Short Fiction: Sunny Day

Sunny DayIt was a sunny day when they met. Her number was 088 and his was 880. They joked about being mirror images of each other and ending up running the marathon together.

It was a sunny day when they had their first date. She packed a picnic basket. He brought wine and drove them to the beach. They ate fruit and cheese and splashed in the waves.

It was a sunny day when he proposed to her. They hiked through the woods and up a gently-sloped craggy hillside. He asked for her hand at the top of a waterfall, and the brilliant diamond glittered on her finger.

It was a sunny day when they got married. They stood under a floral archway in front of two hundred of their family and friends. He never looked more dashing. Her beauty captivated him.

It was a sunny day when their twins were born. They were taking a stroll around the park, and her water broke—two months early. He rushed her to the hospital and she delivered healthy, albeit small, babies.

It was a sunny day when their son and daughter graduated. Both parents beamed with pride—their family was complete. Perfect. They couldn’t be happier. Her heart was full as he held her hand.

It was a sunny day when she buried her husband. A massive heart attack took him from her, but she was the one whose heart broke. Clouds rolled in and covered the sun, shadows stretching across the cemetery and over his casket.

Later that night, the storm came.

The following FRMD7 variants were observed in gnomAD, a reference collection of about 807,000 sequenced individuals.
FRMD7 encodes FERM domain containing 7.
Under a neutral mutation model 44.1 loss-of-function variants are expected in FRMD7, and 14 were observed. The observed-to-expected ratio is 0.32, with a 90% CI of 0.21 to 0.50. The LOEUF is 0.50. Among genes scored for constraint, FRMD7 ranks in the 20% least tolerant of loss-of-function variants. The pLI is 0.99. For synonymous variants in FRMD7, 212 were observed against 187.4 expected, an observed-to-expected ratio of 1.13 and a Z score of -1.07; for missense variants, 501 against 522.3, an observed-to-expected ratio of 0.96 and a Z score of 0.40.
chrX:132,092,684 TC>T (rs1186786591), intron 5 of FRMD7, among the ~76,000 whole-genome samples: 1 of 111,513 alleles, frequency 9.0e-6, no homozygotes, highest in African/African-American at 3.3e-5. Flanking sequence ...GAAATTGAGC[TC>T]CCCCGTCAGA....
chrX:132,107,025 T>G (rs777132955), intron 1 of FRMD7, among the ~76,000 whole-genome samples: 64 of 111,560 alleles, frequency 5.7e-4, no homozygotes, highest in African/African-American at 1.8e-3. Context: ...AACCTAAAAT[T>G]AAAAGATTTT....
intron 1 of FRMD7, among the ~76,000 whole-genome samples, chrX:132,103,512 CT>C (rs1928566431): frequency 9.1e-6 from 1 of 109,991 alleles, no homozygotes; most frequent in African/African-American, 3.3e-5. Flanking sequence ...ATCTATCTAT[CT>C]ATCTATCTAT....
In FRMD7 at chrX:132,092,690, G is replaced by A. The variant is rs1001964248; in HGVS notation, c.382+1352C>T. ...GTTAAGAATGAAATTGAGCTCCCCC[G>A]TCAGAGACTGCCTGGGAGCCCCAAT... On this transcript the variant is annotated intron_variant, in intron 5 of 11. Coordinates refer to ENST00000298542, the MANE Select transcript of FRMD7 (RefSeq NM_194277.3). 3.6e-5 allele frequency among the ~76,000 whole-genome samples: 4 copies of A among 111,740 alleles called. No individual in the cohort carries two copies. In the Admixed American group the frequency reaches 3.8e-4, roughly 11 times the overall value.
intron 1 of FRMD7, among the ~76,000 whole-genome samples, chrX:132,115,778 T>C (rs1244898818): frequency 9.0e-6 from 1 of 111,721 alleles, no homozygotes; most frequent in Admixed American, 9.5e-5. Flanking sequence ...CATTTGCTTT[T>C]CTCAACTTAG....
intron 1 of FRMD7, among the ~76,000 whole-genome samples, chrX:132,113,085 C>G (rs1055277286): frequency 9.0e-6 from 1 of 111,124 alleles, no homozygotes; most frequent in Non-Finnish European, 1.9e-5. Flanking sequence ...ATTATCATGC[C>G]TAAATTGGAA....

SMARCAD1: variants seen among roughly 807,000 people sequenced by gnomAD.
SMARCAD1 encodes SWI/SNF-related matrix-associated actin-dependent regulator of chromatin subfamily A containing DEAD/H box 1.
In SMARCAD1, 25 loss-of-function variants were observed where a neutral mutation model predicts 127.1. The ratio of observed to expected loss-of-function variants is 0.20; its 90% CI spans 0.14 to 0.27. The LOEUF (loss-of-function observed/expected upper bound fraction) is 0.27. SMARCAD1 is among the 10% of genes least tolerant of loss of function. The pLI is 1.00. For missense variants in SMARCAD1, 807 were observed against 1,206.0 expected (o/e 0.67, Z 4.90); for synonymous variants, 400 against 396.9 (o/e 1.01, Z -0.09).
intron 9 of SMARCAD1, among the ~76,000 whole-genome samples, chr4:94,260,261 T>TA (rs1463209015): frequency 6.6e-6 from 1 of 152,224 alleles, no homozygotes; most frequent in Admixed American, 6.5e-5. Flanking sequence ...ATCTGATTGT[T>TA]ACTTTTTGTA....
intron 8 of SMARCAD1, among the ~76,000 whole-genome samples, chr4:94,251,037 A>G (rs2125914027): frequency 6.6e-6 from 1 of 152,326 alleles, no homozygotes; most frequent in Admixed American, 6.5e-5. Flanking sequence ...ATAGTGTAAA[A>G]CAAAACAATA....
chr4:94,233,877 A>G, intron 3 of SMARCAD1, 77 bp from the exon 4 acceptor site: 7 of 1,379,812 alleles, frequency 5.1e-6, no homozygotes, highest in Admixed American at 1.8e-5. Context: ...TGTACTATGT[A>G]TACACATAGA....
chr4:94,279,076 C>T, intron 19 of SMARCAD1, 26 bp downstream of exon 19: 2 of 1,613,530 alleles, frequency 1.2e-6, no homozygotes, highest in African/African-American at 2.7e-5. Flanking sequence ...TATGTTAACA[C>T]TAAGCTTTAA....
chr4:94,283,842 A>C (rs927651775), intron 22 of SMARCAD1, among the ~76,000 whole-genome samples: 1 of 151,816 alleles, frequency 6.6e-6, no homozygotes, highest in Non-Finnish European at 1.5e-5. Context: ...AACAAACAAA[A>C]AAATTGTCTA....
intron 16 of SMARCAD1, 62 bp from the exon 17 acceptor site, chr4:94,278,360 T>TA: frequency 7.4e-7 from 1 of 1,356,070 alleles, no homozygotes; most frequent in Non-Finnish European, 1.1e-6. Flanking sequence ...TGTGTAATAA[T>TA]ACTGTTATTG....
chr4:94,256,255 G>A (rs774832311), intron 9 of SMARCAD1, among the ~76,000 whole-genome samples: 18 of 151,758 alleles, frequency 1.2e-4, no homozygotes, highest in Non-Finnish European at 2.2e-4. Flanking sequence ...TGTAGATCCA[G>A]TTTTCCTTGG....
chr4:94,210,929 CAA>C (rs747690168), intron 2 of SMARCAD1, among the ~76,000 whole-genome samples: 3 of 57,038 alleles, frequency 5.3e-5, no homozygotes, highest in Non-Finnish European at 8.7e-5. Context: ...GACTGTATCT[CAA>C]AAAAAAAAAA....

This story inspired by the WordPress daily prompt: Sunny.

Published by Staci Troilo

A writer fascinated with interpersonal relationships, the importance of family, and the relevance of heritage. Learn more at

23 thoughts on “Short Fiction: Sunny Day

  1. This was a touching short story. It reminds me that our “sunny” days are the days when we are surrounded by our loved ones – because they’re a part of us. But when they’re gone we realize that we are actually alone. I imagine that storm of the discomfort of feeling lonely, and losing a part of ourselves that we’ll never get back.

    Liked by 1 person

    1. Thanks, Craig. I’m a firm believer in experimenting. Of course, I’m always happier when the experiment yields good results. But even a flop teaches me something.

      Thank you for the kind words and support.

      Liked by 1 person

    1. Thank you. I don’t usually write without dialogue or description (and I never write in omniscient voice), but the story just came to me this way, and I didn’t see the value of adding the typical fiction treatments to this piece. It was an experiment, and a risk, but I’m glad to see it paid off. At least, it worked for you. 🙂

      Liked by 1 person

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